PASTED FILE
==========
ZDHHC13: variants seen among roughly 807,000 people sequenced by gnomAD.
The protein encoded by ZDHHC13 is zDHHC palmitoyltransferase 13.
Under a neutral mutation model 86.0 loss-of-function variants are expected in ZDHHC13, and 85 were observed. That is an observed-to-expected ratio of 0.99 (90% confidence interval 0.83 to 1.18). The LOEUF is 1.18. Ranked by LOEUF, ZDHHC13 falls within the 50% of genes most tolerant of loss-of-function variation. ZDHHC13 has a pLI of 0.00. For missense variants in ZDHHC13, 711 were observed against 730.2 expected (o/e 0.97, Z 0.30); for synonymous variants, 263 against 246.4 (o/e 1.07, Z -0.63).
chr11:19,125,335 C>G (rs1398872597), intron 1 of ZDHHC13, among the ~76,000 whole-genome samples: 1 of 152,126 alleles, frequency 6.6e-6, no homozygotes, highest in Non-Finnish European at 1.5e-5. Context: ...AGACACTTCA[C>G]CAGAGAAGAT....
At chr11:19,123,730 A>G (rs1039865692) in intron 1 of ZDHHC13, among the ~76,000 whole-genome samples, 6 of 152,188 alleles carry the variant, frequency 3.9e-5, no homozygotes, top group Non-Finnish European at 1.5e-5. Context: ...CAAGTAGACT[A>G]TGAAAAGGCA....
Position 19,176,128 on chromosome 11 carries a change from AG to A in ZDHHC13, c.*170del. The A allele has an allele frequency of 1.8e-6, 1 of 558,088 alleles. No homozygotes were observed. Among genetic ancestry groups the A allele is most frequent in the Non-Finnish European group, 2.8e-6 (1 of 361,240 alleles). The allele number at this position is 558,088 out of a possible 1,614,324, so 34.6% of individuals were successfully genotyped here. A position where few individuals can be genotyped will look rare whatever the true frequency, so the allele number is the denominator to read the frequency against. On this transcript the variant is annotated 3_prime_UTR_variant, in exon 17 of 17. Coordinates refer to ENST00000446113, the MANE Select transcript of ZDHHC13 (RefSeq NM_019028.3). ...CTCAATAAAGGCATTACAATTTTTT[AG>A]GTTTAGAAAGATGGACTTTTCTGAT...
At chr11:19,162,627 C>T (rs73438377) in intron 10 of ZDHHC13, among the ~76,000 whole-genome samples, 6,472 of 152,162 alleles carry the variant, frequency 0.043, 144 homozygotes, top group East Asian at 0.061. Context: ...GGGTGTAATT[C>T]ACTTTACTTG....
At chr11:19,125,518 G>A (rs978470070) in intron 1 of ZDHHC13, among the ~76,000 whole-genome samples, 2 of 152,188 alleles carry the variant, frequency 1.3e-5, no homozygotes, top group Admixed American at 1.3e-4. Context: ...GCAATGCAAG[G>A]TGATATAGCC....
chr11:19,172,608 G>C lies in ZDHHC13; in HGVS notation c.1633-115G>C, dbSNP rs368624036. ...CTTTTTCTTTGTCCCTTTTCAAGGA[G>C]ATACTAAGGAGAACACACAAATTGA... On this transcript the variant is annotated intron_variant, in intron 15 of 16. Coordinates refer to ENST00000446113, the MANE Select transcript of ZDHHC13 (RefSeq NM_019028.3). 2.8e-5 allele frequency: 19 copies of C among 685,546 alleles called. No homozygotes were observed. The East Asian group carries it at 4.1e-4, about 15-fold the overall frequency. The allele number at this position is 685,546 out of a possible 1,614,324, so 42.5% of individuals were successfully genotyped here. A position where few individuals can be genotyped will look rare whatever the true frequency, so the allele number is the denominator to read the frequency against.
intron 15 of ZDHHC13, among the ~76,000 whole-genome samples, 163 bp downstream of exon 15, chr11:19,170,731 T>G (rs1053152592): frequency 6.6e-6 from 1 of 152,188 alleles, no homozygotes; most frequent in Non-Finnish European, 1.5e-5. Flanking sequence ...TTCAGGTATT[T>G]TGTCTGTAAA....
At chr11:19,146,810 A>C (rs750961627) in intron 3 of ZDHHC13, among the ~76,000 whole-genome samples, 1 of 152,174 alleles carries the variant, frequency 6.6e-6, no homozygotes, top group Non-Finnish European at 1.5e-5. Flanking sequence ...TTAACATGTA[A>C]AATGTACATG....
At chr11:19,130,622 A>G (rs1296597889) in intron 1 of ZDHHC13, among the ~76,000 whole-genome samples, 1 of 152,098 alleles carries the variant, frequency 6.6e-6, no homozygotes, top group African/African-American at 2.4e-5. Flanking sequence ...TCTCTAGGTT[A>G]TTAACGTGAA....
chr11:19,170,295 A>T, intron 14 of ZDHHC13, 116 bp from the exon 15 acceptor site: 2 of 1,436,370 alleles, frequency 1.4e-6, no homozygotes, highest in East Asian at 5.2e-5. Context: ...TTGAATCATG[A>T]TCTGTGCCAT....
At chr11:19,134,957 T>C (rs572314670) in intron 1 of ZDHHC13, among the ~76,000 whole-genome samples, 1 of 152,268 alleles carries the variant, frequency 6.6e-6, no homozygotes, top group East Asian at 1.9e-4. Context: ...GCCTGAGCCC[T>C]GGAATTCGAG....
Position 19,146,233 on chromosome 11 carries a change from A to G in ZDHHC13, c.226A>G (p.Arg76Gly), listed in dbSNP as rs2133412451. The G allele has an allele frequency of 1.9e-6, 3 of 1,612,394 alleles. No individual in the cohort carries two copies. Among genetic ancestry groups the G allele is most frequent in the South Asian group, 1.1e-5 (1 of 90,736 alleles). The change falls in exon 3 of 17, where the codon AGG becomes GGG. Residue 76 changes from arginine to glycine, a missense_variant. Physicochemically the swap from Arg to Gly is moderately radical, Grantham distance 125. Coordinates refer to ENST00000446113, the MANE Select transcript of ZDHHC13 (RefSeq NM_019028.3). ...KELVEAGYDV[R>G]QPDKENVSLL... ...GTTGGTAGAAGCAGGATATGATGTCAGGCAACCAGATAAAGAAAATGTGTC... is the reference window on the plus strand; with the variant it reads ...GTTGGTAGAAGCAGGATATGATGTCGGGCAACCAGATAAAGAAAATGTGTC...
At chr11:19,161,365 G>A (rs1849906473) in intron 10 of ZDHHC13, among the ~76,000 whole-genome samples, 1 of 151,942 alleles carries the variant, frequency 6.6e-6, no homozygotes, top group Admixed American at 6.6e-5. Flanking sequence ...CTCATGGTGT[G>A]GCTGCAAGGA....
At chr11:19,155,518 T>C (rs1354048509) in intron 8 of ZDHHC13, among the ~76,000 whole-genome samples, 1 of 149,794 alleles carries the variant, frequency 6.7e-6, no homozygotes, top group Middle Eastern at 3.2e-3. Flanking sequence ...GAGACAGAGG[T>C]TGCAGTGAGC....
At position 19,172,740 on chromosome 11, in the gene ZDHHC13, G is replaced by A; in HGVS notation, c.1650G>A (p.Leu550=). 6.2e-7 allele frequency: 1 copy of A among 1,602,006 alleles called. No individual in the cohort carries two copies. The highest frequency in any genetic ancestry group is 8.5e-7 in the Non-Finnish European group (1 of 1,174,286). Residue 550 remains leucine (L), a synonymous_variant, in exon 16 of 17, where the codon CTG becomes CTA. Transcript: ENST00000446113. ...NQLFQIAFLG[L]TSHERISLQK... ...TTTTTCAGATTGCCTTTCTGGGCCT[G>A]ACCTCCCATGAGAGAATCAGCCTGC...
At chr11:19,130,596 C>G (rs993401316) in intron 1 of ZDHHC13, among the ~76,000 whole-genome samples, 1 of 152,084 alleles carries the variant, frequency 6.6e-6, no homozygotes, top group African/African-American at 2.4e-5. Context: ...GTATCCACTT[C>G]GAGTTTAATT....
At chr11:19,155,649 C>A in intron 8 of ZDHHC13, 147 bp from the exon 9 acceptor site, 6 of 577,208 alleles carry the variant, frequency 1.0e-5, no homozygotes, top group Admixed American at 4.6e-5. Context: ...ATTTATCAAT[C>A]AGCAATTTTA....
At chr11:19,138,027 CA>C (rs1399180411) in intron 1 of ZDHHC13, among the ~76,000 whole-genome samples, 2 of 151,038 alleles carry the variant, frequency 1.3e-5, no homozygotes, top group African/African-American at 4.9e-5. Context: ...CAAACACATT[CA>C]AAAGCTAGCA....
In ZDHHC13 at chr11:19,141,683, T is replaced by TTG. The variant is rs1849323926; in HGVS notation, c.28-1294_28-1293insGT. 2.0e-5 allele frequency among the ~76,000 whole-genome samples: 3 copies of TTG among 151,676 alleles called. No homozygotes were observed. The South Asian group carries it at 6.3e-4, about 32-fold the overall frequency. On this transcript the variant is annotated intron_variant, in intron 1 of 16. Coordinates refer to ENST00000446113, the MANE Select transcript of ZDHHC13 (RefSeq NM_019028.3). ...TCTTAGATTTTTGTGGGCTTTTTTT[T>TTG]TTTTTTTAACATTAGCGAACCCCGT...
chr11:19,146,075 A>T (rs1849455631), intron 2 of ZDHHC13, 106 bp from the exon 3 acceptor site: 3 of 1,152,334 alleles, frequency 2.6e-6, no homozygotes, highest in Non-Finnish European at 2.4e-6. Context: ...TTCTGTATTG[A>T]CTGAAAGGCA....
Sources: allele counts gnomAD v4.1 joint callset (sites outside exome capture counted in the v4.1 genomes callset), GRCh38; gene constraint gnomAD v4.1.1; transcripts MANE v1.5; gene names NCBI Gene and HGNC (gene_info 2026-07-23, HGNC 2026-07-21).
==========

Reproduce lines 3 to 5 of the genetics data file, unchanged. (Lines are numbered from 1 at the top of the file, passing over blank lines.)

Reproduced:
Under a neutral mutation model 86.0 loss-of-function variants are expected in ZDHHC13, and 85 were observed. That is an observed-to-expected ratio of 0.99 (90% confidence interval 0.83 to 1.18). The LOEUF is 1.18. Ranked by LOEUF, ZDHHC13 falls within the 50% of genes most tolerant of loss-of-function variation. ZDHHC13 has a pLI of 0.00. For missense variants in ZDHHC13, 711 were observed against 730.2 expected (o/e 0.97, Z 0.30); for synonymous variants, 263 against 246.4 (o/e 1.07, Z -0.63).
chr11:19,125,335 C>G (rs1398872597), intron 1 of ZDHHC13, among the ~76,000 whole-genome samples: 1 of 152,126 alleles, frequency 6.6e-6, no homozygotes, highest in Non-Finnish European at 1.5e-5. Context: ...AGACACTTCA[C>G]CAGAGAAGAT....
At chr11:19,123,730 A>G (rs1039865692) in intron 1 of ZDHHC13, among the ~76,000 whole-genome samples, 6 of 152,188 alleles carry the variant, frequency 3.9e-5, no homozygotes, top group Non-Finnish European at 1.5e-5. Context: ...CAAGTAGACT[A>G]TGAAAAGGCA....